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[GreenYes] World Oil Peak / Carbohydrate Economy
While I am referencing below Don's and David's messages from the plastic
lumber discussion thread, I am referencing it by a different subject line
for message discussion thread / archiving reasons.

I agree with David's opinion about the need for our world economy to
transition away from our near total reliance on fossil oils (and any other
Greenyes subscriber expressing a similar past opinion). For those of us who
continue to hear that "we are not running out of oil" I would like to
suggest reading "Hubbert's Peak - The Impending World Oil Shortage" by
Kenneth Deffeyes (Princeton University Press, 2001). M. King Hubbert was an
oil geologist who predicted in 1956 that US domestic oil production would
peak in 1972 (it peaked in 1970).  Prof. Deffeyes was a colleague of Hubbert
at Shell Oil and basically applied an update of Hubbert's methodology to
estimate that world oil production will peak between 2005 and 2010.  This
book is not an easy read.  The author insists on leading the reader through
a discussion of oil and oil industry practices before he unveils the book's
punchline.  Still worth reading.

If Deffeyes is correct, then we certainly need to accelerate our efforts to
develop a Carbohydrate economy.  However, my concern is that, if crops for
fuels and chemicals are grown and managed the same way as most of our food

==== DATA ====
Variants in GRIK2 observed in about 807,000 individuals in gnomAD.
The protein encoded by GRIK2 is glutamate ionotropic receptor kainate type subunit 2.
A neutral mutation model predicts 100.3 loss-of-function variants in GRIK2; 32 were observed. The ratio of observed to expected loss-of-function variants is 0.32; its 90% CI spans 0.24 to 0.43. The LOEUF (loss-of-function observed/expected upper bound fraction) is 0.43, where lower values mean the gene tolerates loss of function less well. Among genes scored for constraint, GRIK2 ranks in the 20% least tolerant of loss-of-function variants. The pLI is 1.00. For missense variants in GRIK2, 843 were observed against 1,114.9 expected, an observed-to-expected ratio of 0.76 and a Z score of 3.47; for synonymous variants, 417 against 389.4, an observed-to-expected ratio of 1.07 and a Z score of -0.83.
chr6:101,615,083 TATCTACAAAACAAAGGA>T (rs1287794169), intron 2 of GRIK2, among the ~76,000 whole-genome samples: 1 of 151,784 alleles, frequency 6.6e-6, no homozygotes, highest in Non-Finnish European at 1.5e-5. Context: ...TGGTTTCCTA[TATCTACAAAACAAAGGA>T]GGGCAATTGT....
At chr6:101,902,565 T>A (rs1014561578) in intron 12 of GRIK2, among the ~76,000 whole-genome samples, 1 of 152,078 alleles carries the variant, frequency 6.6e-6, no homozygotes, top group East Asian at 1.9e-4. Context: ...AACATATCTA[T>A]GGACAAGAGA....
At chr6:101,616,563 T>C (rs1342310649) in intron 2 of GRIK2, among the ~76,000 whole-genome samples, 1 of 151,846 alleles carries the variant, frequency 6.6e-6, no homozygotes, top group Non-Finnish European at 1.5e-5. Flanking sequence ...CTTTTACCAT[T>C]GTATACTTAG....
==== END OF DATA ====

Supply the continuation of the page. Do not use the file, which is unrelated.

and fiber crops are currently, we will have a different environmental
disaster on our hands.  I am sure that everyone on this list will exclaim,
"of course, it must be done on a sustainable basis" but in the US we have a
history of hearing only one part of the message.  I am particularly afraid
that the sustainability message will be completed ignored if the transition
to "renewable" energy sources occurs in the form of a panicked stampede when
the fossil oil pricing crisis commences later in this decade.

The dilemma I see now is that if we wait till market pricing force marches
our economies into relying on non-oil alternatives, it will be done in panic
mode as mentioned above.  Not relying on market forces to begin our
transitioning will require government action which I don't see happening
under the present administration based on the energy plan issued last year.
Therefore, we must somehow convince the "Bush" states, many of which have
large agricultural constituencies, that the future lies in sustainable
industrial agriculture.  Many of these same constituencies are embarrased
that while they are politically for smaller government, they are also
significant receipients of big government aid in the form of farm subsidy
payments (see the Environmental Working Group web site (http://www.ewg.org/)
for their farm subsidy database to see who's getting these payments).
Perhaps we should work politically at converting these subsidies from
payments for not producing ag. commodities such as corn or soybeans to
producing sustainable industrial ag. crops.  As they say, grab them by their